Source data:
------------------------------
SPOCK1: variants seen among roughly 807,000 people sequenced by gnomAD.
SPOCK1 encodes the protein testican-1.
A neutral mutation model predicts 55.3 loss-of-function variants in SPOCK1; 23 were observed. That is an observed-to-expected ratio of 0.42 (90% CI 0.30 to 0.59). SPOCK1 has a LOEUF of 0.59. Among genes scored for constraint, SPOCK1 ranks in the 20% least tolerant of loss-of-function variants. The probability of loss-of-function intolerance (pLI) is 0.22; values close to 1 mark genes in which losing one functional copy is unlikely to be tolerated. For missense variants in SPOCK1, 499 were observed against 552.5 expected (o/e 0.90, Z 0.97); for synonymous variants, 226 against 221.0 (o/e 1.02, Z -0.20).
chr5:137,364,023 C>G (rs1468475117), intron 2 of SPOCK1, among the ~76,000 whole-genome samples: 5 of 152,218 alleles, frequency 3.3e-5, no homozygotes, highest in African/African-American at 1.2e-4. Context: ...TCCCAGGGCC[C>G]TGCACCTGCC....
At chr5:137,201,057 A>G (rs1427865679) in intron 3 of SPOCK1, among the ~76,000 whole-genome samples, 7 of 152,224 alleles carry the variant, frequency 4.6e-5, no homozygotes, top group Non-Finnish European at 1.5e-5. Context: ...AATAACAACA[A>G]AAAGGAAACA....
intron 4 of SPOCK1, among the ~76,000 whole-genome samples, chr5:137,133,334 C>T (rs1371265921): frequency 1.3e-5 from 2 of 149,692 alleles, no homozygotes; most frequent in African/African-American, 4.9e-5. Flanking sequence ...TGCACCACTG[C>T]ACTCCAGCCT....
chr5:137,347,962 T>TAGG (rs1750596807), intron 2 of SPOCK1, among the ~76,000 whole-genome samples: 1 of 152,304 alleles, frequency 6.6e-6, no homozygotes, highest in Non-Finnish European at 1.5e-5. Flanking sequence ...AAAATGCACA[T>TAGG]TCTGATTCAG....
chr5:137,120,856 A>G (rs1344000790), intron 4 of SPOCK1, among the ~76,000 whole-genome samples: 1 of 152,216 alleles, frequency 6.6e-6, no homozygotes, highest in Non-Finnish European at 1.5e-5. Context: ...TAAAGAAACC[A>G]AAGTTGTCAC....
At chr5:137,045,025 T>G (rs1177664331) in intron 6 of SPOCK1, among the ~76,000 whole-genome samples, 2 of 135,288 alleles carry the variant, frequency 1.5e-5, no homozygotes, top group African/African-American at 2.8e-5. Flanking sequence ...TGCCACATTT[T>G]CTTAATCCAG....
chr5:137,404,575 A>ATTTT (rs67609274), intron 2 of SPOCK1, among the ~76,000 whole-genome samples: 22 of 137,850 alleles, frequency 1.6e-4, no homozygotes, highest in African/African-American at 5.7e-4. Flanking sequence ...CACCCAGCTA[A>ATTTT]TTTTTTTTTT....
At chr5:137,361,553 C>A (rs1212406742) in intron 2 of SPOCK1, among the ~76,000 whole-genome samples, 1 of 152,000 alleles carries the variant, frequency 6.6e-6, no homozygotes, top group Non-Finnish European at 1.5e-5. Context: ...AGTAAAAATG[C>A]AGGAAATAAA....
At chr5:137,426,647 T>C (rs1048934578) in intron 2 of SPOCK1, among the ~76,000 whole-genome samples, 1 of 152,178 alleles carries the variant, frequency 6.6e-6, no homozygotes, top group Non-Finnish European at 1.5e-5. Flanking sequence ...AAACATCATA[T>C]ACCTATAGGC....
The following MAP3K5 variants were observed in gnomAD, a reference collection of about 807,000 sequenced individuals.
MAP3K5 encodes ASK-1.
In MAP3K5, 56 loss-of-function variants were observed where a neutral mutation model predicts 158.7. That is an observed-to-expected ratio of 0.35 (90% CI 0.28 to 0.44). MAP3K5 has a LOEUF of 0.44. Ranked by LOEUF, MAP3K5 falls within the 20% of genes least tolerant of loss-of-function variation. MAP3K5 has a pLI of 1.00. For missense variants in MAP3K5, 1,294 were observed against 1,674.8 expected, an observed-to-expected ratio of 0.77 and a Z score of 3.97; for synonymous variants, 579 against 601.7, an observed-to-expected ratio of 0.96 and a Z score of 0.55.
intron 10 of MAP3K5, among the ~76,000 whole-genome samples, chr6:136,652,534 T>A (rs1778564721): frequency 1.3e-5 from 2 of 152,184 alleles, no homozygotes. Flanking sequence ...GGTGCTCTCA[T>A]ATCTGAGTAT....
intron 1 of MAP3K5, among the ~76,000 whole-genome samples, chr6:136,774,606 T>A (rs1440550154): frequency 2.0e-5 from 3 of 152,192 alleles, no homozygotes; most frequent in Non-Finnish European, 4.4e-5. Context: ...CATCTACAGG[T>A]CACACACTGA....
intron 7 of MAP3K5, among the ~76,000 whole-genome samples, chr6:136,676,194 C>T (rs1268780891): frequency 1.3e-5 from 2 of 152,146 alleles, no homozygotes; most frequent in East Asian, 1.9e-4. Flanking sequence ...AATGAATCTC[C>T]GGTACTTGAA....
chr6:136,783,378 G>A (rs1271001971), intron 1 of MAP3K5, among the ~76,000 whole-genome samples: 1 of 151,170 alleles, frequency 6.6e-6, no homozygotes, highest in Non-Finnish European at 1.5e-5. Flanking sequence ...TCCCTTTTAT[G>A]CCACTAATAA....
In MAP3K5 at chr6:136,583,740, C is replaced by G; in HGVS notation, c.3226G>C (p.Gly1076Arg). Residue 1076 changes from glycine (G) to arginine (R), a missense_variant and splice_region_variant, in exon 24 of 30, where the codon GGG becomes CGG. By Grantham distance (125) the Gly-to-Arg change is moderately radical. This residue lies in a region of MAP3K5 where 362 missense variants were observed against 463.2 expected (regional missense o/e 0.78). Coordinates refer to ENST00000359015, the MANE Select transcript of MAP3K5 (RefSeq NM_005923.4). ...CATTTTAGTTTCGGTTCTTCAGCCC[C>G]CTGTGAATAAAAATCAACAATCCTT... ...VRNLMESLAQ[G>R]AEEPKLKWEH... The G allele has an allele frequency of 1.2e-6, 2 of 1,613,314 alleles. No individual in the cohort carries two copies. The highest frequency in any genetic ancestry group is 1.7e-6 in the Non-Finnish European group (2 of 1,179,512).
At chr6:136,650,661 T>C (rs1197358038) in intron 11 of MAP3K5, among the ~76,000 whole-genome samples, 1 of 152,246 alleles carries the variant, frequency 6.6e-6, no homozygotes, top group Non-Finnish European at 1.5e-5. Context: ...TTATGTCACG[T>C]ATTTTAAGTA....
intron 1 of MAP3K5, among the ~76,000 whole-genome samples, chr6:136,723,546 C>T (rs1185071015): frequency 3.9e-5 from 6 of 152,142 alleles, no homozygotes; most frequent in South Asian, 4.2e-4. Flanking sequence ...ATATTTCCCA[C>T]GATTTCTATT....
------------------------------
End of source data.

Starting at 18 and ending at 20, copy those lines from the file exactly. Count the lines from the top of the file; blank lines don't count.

intron 7 of MAP3K5, among the ~76,000 whole-genome samples, chr6:136,676,194 C>T (rs1268780891): frequency 1.3e-5 from 2 of 152,146 alleles, no homozygotes; most frequent in East Asian, 1.9e-4. Flanking sequence ...AATGAATCTC[C>T]GGTACTTGAA....
chr6:136,783,378 G>A (rs1271001971), intron 1 of MAP3K5, among the ~76,000 whole-genome samples: 1 of 151,170 alleles, frequency 6.6e-6, no homozygotes, highest in Non-Finnish European at 1.5e-5. Flanking sequence ...TCCCTTTTAT[G>A]CCACTAATAA....
In MAP3K5 at chr6:136,583,740, C is replaced by G; in HGVS notation, c.3226G>C (p.Gly1076Arg). Residue 1076 changes from glycine (G) to arginine (R), a missense_variant and splice_region_variant, in exon 24 of 30, where the codon GGG becomes CGG. By Grantham distance (125) the Gly-to-Arg change is moderately radical. This residue lies in a region of MAP3K5 where 362 missense variants were observed against 463.2 expected (regional missense o/e 0.78). Coordinates refer to ENST00000359015, the MANE Select transcript of MAP3K5 (RefSeq NM_005923.4). ...CATTTTAGTTTCGGTTCTTCAGCCC[C>G]CTGTGAATAAAAATCAACAATCCTT... ...VRNLMESLAQ[G>R]AEEPKLKWEH... The G allele has an allele frequency of 1.2e-6, 2 of 1,613,314 alleles. No individual in the cohort carries two copies. The highest frequency in any genetic ancestry group is 1.7e-6 in the Non-Finnish European group (2 of 1,179,512).